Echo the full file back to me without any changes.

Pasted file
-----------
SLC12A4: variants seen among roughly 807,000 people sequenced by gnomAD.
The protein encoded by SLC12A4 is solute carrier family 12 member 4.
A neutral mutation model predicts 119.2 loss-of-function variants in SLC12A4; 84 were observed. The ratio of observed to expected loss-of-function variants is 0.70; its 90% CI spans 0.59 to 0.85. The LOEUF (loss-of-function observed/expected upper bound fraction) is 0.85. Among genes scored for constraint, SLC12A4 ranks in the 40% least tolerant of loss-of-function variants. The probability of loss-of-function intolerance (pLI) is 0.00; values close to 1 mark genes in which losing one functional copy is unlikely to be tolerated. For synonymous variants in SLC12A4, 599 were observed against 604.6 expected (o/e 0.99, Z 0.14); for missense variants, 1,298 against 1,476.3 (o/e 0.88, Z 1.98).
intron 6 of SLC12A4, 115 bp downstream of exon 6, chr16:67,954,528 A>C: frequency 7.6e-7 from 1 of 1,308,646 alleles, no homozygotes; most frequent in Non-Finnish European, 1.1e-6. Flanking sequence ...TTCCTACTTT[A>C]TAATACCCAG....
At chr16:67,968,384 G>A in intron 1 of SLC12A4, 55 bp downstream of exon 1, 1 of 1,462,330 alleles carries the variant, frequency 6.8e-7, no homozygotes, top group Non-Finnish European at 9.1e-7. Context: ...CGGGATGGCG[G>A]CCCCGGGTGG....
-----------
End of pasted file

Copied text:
SLC12A4: variants seen among roughly 807,000 people sequenced by gnomAD.
The protein encoded by SLC12A4 is solute carrier family 12 member 4.
A neutral mutation model predicts 119.2 loss-of-function variants in SLC12A4; 84 were observed. The ratio of observed to expected loss-of-function variants is 0.70; its 90% CI spans 0.59 to 0.85. The LOEUF (loss-of-function observed/expected upper bound fraction) is 0.85. Among genes scored for constraint, SLC12A4 ranks in the 40% least tolerant of loss-of-function variants. The probability of loss-of-function intolerance (pLI) is 0.00; values close to 1 mark genes in which losing one functional copy is unlikely to be tolerated. For synonymous variants in SLC12A4, 599 were observed against 604.6 expected (o/e 0.99, Z 0.14); for missense variants, 1,298 against 1,476.3 (o/e 0.88, Z 1.98).
intron 6 of SLC12A4, 115 bp downstream of exon 6, chr16:67,954,528 A>C: frequency 7.6e-7 from 1 of 1,308,646 alleles, no homozygotes; most frequent in Non-Finnish European, 1.1e-6. Flanking sequence ...TTCCTACTTT[A>C]TAATACCCAG....
At chr16:67,968,384 G>A in intron 1 of SLC12A4, 55 bp downstream of exon 1, 1 of 1,462,330 alleles carries the variant, frequency 6.8e-7, no homozygotes, top group Non-Finnish European at 9.1e-7. Context: ...CGGGATGGCG[G>A]CCCCGGGTGG....